Food Resolutions 2016

Food Resolutions 2016 - Vegetal MattersNow is the time resolvers are furiously compiling lists, joining gyms, starting the Whole30, or partaking in a dreaded juice cleanse. Drastic lifestyle change isn’t what I’m after at the turn of the year, but more a reflection on the last twelve months and plans for development. While it is a little ridiculous to think we should only start improving ourselves once January rolls around, the communal embrace of change and betterment is certainly inspiring.

Last year I wrote about my food resolutions and would like to uphold the tradition.  I did embrace simpler cooking (though that could still stand to be on the list) and read recipes more thoroughly (some of the time). I actually read Gulp. and More Home Cooking, a different book by Wendell Berry (which almost counts) and the other two are sitting on my bookshelf patiently waiting for me.

This year I want to be better at cooking with others. Cooking is my hobby (ok, obsession), and I love all aspects of the process. I also like to be in control of all aspects of the process. But socializing is important, and I think it could do me some good to let others help out more in the kitchen.

I will stop being afraid of fermenting. I’ve had a languishing sour dough starter my sister generously gifted to me in the fridge for about a year and barely used it (shame on me!). She’s also started making kimchi which is spicy, sour, and crunchy in just the right combination. I’ve taken The Art of Fermentation out of the library, and completely overwhelmed by all it contains, returned it barely read. I’ve been reading Phickle and other blogs that dabble in fermenting. It’s time to stop watching and reading and start doing.

I will waste less in the kitchen. Always planning recipes means I sometimes buy an ingredient for one recipe and then don’t always remember to use it up. So I’ve started leaving a night of the week with dinner unplanned to use up any scraps in the fridge. Plus this allows for a bit more improvisation. Tonight, for instance, as I type lentil soup is bubbling away. It is in the single digits out and my plan for dinner was not appropriate for the weather, so items from the pantry and fridge all came together for a needed, warming soup.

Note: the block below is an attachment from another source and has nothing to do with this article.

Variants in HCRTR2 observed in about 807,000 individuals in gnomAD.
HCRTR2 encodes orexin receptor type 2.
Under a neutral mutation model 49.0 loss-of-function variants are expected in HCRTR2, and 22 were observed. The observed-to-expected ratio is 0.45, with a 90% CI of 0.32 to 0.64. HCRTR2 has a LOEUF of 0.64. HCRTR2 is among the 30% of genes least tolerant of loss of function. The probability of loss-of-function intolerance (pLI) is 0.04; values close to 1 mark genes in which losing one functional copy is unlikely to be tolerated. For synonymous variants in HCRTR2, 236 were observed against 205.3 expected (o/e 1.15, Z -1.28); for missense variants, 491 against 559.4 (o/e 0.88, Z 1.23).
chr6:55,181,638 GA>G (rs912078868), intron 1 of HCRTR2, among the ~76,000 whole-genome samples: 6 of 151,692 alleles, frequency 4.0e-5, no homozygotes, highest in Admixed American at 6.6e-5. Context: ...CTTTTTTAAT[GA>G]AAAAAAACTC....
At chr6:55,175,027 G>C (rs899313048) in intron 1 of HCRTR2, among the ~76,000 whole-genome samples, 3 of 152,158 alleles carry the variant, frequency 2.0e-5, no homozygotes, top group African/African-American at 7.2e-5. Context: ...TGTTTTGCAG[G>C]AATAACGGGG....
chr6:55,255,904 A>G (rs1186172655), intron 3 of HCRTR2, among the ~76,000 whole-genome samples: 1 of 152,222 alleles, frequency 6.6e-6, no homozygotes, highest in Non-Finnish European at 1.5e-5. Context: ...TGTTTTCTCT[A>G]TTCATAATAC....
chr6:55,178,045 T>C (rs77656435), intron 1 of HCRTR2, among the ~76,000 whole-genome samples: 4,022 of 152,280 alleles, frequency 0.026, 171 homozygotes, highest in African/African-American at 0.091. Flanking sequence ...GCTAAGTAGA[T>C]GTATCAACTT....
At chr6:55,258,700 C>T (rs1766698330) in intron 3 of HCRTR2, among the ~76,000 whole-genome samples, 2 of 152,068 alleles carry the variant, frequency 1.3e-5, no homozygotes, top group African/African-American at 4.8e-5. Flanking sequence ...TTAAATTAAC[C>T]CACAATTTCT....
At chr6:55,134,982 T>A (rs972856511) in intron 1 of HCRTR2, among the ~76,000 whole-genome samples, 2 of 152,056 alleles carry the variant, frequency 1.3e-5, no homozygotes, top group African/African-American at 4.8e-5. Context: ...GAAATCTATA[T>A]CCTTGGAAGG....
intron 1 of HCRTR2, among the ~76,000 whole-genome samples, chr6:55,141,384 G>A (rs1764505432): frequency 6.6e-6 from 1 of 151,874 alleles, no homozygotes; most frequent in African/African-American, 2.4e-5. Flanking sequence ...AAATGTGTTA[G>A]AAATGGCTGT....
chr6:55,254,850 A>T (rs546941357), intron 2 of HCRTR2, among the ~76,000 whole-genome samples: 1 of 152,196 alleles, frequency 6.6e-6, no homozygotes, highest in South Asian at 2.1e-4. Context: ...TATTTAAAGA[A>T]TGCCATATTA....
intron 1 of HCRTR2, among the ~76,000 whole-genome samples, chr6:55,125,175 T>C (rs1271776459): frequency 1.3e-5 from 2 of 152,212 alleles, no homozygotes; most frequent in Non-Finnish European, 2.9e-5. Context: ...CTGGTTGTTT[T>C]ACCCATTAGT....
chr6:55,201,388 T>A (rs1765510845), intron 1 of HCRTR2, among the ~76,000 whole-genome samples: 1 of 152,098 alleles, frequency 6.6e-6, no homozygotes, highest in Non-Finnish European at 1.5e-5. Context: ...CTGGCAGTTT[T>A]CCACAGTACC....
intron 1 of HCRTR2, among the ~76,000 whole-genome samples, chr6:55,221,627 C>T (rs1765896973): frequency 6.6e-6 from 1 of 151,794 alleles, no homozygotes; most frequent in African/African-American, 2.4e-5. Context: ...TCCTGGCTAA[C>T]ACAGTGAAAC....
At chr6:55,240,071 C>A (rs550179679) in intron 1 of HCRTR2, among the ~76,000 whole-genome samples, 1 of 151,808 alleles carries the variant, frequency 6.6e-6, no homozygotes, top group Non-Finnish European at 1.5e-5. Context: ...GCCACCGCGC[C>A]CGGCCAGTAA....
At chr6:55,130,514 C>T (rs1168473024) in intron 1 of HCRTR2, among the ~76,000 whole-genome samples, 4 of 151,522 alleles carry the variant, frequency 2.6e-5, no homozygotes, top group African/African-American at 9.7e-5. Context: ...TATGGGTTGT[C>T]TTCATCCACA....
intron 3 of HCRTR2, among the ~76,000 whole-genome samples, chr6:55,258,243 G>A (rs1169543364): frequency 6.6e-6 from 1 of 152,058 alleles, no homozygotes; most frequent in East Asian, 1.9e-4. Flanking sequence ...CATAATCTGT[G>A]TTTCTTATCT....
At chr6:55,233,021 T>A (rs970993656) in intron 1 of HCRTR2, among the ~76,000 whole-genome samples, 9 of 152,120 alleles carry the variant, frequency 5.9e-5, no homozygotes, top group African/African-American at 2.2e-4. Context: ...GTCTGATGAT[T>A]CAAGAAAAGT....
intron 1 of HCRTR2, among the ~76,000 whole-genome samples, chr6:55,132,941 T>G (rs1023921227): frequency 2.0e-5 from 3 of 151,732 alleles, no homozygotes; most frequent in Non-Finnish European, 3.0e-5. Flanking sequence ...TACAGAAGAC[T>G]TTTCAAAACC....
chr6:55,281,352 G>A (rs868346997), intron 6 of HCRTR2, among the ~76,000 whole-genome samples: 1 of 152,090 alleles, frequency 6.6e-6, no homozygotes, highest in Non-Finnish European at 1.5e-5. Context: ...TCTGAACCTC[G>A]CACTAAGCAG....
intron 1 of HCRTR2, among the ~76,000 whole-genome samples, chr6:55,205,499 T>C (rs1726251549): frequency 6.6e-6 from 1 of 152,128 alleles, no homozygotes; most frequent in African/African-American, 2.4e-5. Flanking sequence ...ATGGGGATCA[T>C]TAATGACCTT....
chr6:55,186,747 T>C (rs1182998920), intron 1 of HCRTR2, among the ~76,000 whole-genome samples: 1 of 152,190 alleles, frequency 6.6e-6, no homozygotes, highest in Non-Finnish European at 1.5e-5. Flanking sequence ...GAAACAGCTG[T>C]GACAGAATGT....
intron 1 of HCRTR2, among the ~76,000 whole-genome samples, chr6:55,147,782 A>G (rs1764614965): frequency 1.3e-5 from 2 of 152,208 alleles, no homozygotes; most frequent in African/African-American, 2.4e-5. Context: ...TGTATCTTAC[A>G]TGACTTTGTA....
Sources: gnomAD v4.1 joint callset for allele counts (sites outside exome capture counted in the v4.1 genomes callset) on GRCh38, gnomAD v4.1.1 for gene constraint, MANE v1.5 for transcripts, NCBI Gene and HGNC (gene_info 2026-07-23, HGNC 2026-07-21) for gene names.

Besides the books that rolled over from my list above, these are queued up for 2016:

The End of Food by Paul Roberts.

The Art of Eating by M.F.K. Fisher. This is actually five separate books, and so far I’ve read Serve It Forth.

Cooked: A Natural History of Transformation by Michael Pollan. I read this when it first came out, but it needs a reread for some discussion here.

Other food related books I should add to my list? Food resolutions from your kitchens?

Kitchen gear everyone needs

I love kitchen gear, but only to an extent. I don’t like having many items that only serve one purpose. My goal is to have a well curated collection of things that I use constantly. These are a few items missing from the rest of the internet’s kitchen gift suggestions that I use daily. I did link to specific examples, but I’m not married to any brand for these (except the pot, because that’s a sale item). There are lots of options, so look around.


Canning Funnel – Don’t can? You still need this funnel. Funnels in general are awesome. I do use this one for canning, but I reached for it so much I moved it out of the box of canning stuff and into an everyday drawer. I use it constantly for transferring things that are not straight liquid into containers (beverages! soup! granola! flour!). Definitely get metal, best for hot uses.

Mesh Produce Bags – I keep a bunch of these in my grocery bag and use them for buying produce and bulk items so I don’t have to get a plastic bag for every kind of fruit or vegetable I buy (which can be many….).

Kitchen Scale – These babies are life changing. I use them for measuring dry goods for baking (just zero after every ingredient! so exact! fewer dishes!), truly knowing I have 6 oz of mushrooms when that is what the recipe calls for, and just being more exact in general because weight is always more reliable than volume. And maybe every once in a while I weigh mail to see how many stamps I need.